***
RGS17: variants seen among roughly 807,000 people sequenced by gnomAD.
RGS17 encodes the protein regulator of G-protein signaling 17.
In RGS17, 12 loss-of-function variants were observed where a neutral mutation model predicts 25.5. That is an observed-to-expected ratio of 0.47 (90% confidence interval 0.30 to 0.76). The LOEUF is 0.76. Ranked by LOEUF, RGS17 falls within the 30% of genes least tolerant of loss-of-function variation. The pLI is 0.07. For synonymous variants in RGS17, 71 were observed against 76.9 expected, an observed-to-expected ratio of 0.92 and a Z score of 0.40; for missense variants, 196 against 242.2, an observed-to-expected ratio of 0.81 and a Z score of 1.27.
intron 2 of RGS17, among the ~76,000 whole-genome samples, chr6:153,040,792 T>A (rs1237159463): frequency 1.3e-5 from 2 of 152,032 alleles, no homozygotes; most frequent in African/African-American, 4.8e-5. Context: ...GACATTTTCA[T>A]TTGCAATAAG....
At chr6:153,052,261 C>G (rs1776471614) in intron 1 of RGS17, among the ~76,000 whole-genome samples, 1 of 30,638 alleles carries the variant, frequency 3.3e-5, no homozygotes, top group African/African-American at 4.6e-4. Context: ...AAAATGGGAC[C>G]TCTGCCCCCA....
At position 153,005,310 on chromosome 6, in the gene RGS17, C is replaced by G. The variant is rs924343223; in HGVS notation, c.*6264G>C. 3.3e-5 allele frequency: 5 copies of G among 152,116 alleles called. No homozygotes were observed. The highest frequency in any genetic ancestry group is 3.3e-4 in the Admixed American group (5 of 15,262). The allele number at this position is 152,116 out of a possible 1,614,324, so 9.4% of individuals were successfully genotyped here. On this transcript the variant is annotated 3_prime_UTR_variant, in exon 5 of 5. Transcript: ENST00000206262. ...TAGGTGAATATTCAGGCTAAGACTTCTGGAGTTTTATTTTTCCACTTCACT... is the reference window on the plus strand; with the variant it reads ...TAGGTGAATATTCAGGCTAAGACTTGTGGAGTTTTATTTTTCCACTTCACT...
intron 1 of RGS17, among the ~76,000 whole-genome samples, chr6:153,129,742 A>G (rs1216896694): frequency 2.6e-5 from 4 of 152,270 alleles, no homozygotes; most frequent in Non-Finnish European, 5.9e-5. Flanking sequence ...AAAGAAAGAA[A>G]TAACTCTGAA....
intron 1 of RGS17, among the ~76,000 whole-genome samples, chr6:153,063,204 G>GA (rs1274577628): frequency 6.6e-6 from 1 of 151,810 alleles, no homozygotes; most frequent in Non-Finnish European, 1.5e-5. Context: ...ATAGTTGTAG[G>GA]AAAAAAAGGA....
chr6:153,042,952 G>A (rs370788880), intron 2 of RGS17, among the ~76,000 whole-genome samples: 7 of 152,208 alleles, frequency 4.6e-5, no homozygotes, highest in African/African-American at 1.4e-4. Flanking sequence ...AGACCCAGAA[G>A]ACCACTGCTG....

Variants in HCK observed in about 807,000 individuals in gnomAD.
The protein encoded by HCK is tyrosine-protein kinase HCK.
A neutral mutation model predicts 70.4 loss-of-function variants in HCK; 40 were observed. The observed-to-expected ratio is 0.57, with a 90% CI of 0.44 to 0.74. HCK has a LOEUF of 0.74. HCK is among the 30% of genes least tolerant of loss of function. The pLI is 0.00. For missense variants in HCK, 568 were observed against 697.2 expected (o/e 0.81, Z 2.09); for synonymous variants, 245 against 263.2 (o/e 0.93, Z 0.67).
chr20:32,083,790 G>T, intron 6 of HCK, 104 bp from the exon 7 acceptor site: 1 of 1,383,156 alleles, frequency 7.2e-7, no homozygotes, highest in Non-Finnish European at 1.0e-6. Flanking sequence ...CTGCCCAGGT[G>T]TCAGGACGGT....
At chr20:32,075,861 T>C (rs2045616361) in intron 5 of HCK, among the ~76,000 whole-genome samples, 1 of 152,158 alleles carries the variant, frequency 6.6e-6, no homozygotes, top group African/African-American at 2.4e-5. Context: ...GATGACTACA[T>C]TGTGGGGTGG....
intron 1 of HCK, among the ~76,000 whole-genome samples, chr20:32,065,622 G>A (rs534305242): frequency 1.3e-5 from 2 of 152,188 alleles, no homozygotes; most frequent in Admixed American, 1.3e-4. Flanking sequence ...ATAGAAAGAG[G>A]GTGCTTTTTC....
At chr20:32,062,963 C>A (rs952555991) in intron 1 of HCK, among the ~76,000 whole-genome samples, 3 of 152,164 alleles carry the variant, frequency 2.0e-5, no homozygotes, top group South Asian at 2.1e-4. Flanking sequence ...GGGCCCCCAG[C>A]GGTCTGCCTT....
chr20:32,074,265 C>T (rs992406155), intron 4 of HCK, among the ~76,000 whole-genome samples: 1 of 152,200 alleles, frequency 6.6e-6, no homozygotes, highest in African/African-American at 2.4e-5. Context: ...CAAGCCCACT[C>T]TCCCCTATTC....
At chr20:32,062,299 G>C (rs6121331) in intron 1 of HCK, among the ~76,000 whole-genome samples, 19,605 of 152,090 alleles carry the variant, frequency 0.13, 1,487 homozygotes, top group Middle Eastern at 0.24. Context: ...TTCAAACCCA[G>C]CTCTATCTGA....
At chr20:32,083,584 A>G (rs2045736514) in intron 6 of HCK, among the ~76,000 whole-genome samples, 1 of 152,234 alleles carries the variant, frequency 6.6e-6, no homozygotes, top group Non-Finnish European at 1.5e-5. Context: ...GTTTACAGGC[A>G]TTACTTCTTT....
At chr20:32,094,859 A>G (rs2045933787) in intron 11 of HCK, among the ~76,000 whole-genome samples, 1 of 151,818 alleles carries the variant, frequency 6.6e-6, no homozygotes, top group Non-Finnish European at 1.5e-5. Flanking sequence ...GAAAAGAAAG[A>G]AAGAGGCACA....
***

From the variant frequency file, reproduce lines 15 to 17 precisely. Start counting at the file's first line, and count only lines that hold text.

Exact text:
intron 1 of HCK, among the ~76,000 whole-genome samples, chr20:32,065,622 G>A (rs534305242): frequency 1.3e-5 from 2 of 152,188 alleles, no homozygotes; most frequent in Admixed American, 1.3e-4. Flanking sequence ...ATAGAAAGAG[G>A]GTGCTTTTTC....
At chr20:32,062,963 C>A (rs952555991) in intron 1 of HCK, among the ~76,000 whole-genome samples, 3 of 152,164 alleles carry the variant, frequency 2.0e-5, no homozygotes, top group South Asian at 2.1e-4. Flanking sequence ...GGGCCCCCAG[C>A]GGTCTGCCTT....
chr20:32,074,265 C>T (rs992406155), intron 4 of HCK, among the ~76,000 whole-genome samples: 1 of 152,200 alleles, frequency 6.6e-6, no homozygotes, highest in African/African-American at 2.4e-5. Context: ...CAAGCCCACT[C>T]TCCCCTATTC....